Let's get straight down to business (sorry): Sonic Lamb are the world’s first headphones that allow wearers to feel the music (through mechanoreceptors in their skin and bone) as well as hear it (through their ears).
The promise? A "true eargasm with a wireless headphone that combines air conduction and body conduction to revolutionise the personal audio experience". Bold.
The concept is that humans don't just hear through our ears; we also feel sound through our body. Human hearing is tuned to higher frequencies – a twig snapping in the woods, the cries of a baby – and is far less sensitive to low (bass) frequencies. Thus, we tend to feel sub-bass and bass frequencies more than we hear them. (Think thunder, rumbles in movie theaters, when a crowd of people start stomping their feet en masse, etc.)
To effectively reproduce such an audio experience, loudspeaker and home-theater manufacturers use multiple audio drivers dedicated for each audio spectrum, plus a subwoofer unit dedicated to low frequency audio – the kind we can feel in our body. But this experience is compromised in even the best headphones due to the general use of a single audio driver on each side of our head and the lack of specialized audio tech that can emulate a subwoofer system.
Enter, Sonic Lamb, a company that believes the past decade has seen the audio industry actually deviate from the core value of improving this audio experience. And the New York startup wants to change that.
Navajith Karkera and Jagath Biddappa, a duo of mechanical and electronic engineers, created the concept when experimenting on hearing implants. The story goes that they improvised a method of audio transmission without solely depending on the ear – and it's certainly an interesting approach.
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To explain the tech, it incorporates a full-range audio driver to reproduce mids and high frequencies, which is transferred to the listener’s ear as sound waves (ie. traditionally, through the air), plus a proprietary driver that – and this is the innovative bit – converts the audio signal into corresponding mechanical impulses, thus transforming the earpads of the headphones into a virtual diaphragm.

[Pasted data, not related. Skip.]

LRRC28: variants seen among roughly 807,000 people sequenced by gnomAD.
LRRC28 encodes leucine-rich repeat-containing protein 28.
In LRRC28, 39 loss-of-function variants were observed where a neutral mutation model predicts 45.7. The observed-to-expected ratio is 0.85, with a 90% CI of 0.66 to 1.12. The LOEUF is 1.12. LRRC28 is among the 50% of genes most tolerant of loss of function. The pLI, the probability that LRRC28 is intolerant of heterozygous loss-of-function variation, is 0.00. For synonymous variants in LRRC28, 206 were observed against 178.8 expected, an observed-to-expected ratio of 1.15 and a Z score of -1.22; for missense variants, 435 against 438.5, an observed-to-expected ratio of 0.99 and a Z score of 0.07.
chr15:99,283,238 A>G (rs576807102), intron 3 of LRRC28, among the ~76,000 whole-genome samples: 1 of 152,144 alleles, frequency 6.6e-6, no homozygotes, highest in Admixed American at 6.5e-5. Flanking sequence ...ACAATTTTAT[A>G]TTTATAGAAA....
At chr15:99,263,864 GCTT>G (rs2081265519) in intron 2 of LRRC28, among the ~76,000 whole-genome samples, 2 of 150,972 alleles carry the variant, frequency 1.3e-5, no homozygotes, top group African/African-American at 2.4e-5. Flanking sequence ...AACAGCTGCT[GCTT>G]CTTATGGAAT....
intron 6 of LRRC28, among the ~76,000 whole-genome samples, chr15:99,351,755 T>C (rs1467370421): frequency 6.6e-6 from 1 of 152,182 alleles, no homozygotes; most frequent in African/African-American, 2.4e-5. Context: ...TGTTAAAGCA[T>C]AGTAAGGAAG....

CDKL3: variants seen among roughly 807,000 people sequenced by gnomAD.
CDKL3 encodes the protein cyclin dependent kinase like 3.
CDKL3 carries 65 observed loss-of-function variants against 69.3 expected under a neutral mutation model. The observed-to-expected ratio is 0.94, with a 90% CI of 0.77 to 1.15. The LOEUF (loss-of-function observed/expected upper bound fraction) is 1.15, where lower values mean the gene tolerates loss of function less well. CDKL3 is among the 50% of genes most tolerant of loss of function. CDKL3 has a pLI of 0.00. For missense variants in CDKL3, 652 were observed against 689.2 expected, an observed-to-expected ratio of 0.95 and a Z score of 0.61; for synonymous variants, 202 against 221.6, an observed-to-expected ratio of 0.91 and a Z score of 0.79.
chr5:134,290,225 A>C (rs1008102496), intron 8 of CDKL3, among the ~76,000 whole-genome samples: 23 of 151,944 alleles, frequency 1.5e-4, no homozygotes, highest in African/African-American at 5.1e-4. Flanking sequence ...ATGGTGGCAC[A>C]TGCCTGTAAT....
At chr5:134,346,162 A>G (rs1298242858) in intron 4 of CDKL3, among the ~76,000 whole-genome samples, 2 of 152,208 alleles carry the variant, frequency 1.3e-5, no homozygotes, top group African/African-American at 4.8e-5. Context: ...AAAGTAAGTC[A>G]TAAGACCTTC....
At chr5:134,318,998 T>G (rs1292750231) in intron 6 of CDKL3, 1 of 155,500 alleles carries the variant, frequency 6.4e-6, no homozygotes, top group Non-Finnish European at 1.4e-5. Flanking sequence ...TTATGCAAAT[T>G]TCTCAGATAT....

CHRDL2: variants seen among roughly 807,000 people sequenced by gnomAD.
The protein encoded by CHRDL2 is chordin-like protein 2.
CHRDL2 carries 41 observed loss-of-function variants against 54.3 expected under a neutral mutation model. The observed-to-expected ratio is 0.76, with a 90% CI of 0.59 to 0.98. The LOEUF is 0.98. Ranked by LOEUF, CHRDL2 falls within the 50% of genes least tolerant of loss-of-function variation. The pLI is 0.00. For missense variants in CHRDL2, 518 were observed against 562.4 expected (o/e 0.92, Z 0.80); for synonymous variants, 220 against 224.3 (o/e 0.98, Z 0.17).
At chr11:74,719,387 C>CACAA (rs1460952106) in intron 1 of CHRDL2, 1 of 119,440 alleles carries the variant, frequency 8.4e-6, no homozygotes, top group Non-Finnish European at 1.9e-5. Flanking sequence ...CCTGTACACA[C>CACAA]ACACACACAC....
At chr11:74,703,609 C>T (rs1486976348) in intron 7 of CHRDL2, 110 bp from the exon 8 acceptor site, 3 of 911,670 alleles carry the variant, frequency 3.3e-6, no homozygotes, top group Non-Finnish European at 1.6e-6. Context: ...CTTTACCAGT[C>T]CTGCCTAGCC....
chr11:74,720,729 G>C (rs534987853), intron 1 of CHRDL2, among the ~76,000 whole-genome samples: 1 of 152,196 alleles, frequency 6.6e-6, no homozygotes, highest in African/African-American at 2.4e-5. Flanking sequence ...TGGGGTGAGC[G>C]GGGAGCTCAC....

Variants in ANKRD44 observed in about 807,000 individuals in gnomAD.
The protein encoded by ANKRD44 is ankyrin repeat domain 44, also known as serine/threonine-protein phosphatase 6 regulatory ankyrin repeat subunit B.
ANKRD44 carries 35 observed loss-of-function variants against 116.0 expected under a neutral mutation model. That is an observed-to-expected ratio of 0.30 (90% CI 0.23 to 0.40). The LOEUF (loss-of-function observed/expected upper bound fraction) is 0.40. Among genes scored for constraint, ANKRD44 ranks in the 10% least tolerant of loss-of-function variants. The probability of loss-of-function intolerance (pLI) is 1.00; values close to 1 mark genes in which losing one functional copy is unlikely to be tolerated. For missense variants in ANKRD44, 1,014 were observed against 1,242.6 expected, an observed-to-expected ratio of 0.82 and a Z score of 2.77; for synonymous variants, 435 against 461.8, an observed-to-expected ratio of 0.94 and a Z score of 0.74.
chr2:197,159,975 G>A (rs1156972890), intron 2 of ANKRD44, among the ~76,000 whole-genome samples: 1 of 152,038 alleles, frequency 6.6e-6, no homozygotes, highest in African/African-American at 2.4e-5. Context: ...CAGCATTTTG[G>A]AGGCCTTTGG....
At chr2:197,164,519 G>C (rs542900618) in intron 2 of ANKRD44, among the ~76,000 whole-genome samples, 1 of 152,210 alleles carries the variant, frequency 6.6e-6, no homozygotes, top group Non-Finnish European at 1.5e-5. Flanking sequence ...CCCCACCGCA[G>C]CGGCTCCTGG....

This mechanical impulse is transferred from the earpads to the listeners skin and bone and lo! You're actually feeling the music – the likes of which could only be experienced live in-person, on multi-driver loudspeakers, or in cinemas and (very good) home theaters… until now, apparently.
Think they'll probably be heavy? No, actually, 300g, which is just 46g more than the Sony WH-1000XM4. Playback time is between six and 24 hours, depending on how you're listening. Elsewhere, Sonic Lamb promises a one-of-a-kind control interface directly on the headphone which offers four modes of personalisation including 'Hear', 'Feel', 'Immerse' and, somewhat alarmingly, 'Beast' to users.
You're also getting two internal microphones, one dedicated to capture just the voice and the other to suppress ambient noise for calls and meetings. On top of that, the headphones also feature an additional, detachable boom, for further enhancement of voice quality during important meetings and gaming sessions.
I'm most interested to note that Sonic Lamb's USB cable can be used not just for charging, but also for high-resolution wired audio up to 24-bit/96kHz, and a quick two-minute hearing test using Sonic Lamb's smartphone app allows users to create a custom tuned sound profile based on their individual unique hearing sensitivity.
Bluetooth 5.0 with aptX HD and aptX Low Latency means multi-device connection capabilities enables users to connect the headphone to two different devices simultaneously both in Bluetooth only and Bluetooth and USB mode.
How can you secure your set? Sonic Lamb headphones will be available on Indiegogo from July 19 2022 until August 30 2022, with super early-bird pricing starting at $199/£158 (around AU$279). Delivery is expected in November 2022 and is guaranteed before Christmas.
Although I'll reserve judgement on their efficacy and sound quality, I think I speak on behalf of the entire TechRadar team when I say I'm intrigued – and will report back once I've had the pleasure of placing them over my ears…